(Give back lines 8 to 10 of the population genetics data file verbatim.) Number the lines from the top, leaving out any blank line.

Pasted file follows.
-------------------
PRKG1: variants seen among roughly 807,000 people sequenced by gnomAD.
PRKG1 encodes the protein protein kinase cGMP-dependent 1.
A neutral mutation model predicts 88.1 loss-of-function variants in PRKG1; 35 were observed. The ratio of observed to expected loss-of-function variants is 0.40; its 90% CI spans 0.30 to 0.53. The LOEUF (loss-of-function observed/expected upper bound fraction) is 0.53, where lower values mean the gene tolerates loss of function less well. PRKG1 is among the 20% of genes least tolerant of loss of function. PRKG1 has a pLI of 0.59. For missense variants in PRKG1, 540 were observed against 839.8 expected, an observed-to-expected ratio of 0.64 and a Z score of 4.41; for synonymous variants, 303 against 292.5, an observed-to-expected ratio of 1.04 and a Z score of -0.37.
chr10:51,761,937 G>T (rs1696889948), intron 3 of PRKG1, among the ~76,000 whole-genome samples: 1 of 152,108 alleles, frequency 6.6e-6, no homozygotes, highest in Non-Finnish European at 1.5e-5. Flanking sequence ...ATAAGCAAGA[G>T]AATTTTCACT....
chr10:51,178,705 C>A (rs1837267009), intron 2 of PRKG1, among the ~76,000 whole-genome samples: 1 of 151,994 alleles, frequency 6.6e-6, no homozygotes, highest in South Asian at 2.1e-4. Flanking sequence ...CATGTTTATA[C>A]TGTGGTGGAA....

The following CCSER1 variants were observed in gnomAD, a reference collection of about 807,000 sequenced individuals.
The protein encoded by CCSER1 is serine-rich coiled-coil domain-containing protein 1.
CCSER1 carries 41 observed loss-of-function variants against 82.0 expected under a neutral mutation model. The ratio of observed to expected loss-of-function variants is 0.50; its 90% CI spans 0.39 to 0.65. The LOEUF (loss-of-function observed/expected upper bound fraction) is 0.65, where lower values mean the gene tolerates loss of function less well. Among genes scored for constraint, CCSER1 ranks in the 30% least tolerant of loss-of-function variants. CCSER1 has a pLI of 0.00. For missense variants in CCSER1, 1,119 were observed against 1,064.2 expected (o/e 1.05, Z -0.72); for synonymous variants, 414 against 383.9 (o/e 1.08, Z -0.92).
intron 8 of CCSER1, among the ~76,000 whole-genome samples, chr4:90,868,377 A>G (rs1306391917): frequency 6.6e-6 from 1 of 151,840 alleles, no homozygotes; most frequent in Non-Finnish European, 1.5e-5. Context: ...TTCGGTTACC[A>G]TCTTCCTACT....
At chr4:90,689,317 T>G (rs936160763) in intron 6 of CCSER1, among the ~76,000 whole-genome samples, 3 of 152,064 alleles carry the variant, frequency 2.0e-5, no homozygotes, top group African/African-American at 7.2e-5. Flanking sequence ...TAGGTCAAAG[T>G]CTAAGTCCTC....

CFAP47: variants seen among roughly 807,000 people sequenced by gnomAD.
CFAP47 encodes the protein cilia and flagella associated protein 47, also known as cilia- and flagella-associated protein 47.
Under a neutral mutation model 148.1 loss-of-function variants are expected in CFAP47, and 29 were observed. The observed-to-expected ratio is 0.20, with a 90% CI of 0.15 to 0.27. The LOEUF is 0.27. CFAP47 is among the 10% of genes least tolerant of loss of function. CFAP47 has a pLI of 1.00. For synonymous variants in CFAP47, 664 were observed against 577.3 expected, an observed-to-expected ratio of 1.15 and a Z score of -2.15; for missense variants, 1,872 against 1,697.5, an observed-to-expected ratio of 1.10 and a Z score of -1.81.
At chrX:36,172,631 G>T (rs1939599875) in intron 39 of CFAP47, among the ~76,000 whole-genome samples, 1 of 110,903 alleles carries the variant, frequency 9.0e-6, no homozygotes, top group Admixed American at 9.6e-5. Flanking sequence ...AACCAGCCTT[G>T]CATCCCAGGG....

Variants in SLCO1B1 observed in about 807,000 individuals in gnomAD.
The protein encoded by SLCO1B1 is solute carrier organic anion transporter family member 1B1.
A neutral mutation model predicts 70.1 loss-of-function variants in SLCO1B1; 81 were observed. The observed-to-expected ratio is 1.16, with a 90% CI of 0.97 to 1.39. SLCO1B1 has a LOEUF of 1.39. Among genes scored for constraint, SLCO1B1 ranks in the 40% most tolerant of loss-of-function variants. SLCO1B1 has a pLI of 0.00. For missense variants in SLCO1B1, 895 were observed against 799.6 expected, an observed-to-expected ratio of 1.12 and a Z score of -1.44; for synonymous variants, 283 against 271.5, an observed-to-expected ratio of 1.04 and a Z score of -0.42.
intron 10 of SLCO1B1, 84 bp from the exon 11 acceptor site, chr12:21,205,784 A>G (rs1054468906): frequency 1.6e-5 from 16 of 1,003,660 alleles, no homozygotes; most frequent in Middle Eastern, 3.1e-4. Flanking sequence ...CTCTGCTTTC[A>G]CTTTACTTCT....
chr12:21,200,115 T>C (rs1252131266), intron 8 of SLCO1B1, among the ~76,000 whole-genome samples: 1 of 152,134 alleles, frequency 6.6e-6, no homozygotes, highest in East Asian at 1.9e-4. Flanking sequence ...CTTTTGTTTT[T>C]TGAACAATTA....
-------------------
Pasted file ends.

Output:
CCSER1 carries 41 observed loss-of-function variants against 82.0 expected under a neutral mutation model. The ratio of observed to expected loss-of-function variants is 0.50; its 90% CI spans 0.39 to 0.65. The LOEUF (loss-of-function observed/expected upper bound fraction) is 0.65, where lower values mean the gene tolerates loss of function less well. Among genes scored for constraint, CCSER1 ranks in the 30% least tolerant of loss-of-function variants. CCSER1 has a pLI of 0.00. For missense variants in CCSER1, 1,119 were observed against 1,064.2 expected (o/e 1.05, Z -0.72); for synonymous variants, 414 against 383.9 (o/e 1.08, Z -0.92).
intron 8 of CCSER1, among the ~76,000 whole-genome samples, chr4:90,868,377 A>G (rs1306391917): frequency 6.6e-6 from 1 of 151,840 alleles, no homozygotes; most frequent in Non-Finnish European, 1.5e-5. Context: ...TTCGGTTACC[A>G]TCTTCCTACT....
At chr4:90,689,317 T>G (rs936160763) in intron 6 of CCSER1, among the ~76,000 whole-genome samples, 3 of 152,064 alleles carry the variant, frequency 2.0e-5, no homozygotes, top group African/African-American at 7.2e-5. Flanking sequence ...TAGGTCAAAG[T>G]CTAAGTCCTC....